re: 'self-deprecating vs. -depreciating' - Let's explore the dialogue.

re: 'Mapplethorpe' - Really bad work beside really good work looks worse for it. Good work beside bad comes down a notch. But bad work bad work, everyone wins. Or is there another option?

re: 'truism' - what more needs to be said?

82.

Jack

July 20, 2005, 10:38 AM

I like "Little Matty." It's very Dickensian.

83.

Luisa

July 20, 2005, 11:03 AM

Elizabeth, I have not seen the show but I read the NYT article by Roberta Smith.

I wish I could go, but not so much for M. but to see those mannerist engravings and experience the whole effect of this marriage...it looks like a good pairing

84.

mek

July 20, 2005, 11:36 AM

yes i was curious about the homoerotic comparison. interesting. that's why i posed it to the group but nothing much stuck. i thought the curitorial aspect would generate discussion at the very least.

85.

oldpro

July 20, 2005, 12:23 PM

Mek, you are right. I put in my 2 cents but it didn't arouse much (so to speak).

Actually it doesn't interest me much either but I thought someone would talk about it. It would help if there were more pix.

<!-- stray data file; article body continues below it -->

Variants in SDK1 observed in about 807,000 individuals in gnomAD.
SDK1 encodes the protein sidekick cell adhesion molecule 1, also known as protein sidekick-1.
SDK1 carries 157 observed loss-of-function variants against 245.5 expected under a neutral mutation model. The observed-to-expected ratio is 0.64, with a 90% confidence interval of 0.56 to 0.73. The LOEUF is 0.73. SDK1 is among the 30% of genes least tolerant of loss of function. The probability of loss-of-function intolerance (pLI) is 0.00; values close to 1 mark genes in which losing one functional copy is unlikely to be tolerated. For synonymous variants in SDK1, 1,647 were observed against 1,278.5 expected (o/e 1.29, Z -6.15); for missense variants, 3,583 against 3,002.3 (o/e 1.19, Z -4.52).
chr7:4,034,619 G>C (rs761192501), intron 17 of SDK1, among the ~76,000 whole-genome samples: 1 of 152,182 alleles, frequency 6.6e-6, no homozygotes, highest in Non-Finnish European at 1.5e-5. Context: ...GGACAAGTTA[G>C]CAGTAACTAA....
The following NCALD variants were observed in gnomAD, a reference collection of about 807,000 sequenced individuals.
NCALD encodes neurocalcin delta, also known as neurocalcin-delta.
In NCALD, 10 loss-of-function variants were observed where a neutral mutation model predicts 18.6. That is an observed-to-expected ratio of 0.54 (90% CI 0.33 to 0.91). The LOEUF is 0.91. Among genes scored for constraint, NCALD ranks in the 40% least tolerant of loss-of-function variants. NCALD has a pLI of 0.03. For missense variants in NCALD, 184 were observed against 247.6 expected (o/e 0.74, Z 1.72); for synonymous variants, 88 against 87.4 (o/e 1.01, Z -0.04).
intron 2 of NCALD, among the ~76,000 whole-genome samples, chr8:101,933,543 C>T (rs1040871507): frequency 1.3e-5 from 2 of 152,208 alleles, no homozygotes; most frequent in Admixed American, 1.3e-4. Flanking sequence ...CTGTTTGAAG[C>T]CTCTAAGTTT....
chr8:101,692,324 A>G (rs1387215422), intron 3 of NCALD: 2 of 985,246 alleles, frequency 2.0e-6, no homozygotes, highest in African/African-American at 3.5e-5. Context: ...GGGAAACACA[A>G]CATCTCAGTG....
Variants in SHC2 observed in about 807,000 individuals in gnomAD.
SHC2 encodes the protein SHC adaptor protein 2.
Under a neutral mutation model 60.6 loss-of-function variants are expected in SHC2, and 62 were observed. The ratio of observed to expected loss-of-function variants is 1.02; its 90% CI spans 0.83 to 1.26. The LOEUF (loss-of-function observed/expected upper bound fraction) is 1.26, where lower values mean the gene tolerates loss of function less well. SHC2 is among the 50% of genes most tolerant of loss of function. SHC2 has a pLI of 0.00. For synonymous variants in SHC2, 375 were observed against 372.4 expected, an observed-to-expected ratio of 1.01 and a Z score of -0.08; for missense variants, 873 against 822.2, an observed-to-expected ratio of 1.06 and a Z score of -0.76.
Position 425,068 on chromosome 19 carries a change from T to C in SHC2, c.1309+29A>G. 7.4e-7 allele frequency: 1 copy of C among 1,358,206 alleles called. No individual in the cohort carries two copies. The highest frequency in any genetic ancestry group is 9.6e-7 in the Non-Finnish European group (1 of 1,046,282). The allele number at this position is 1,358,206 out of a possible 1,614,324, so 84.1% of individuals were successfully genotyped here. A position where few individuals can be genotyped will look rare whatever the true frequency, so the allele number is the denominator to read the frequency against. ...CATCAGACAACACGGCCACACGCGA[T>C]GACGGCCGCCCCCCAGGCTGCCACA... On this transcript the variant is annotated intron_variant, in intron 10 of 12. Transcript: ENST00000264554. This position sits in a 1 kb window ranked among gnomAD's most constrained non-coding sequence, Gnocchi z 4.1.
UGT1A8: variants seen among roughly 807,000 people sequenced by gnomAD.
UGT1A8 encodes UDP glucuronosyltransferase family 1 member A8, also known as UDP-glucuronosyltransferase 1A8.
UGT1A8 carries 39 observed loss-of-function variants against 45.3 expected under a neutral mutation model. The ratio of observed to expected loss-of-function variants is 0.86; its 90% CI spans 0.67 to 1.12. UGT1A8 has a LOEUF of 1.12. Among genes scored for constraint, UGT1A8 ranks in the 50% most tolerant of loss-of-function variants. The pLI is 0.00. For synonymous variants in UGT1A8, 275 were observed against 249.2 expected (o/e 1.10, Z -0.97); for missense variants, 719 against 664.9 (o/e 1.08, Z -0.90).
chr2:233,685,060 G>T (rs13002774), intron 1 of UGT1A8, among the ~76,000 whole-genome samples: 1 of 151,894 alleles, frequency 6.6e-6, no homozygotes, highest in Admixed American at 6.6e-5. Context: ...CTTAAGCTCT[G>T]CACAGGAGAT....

Good comment, Ahab. A little cleverness always cleans the air. I googled "oblo" and got 80,000 returns. I think it means something in Italian. I like the word play, but "oblo" is an ominous sounding word. I am sure if I adopted it someone would say "didn't you know that oblo is an FBI code word for 'Nazi skinhead pervert'"?

86.

alesh

July 20, 2005, 9:36 PM

I'm a little dissapointed. Franklin says of Jenny Holzer, "She's dependably intelligent, and seems to have enough grasp of drama to make her work convincing." Then everybody (including me) beats up on her. I kept hoping he'd stick up for her a little, but no such luck.

87.

Jack

July 20, 2005, 10:18 PM

Don't cry for Jenny Holzer, Alesh. Cry for every artist out there with more talent than hers who hasn't gotten the breaks, success and recognition she's gotten. That is far more sad and unjust. Holzer doesn't need anybody on this blog to stick up for her; she's very well taken care of, thank you.

88.

alesh

July 20, 2005, 11:25 PM

I'm not woried about Holzer, Jack. I'm adressing intelectual honesty. While you have made it abundantly clear that you have no interest in anything that does not agree with you, some of us value argument and discussion for its own sake. The proprieter of this blog expressed support of an artist that EVERYONE else is trashing.

Strikes me as a situation worth pointing out. Seems you comment is missing the point, Jack?

89.

Franklin

July 21, 2005, 12:38 AM

I guess I don't feel strongly enough about her work to make a case for it. Sorry to disappoint you.

90.

Oldpro

July 21, 2005, 8:40 AM

Yeah, Alesh, Franklin didn't back down on anything. He never expressed much enthusiasm.

91.

Jack

July 21, 2005, 11:12 AM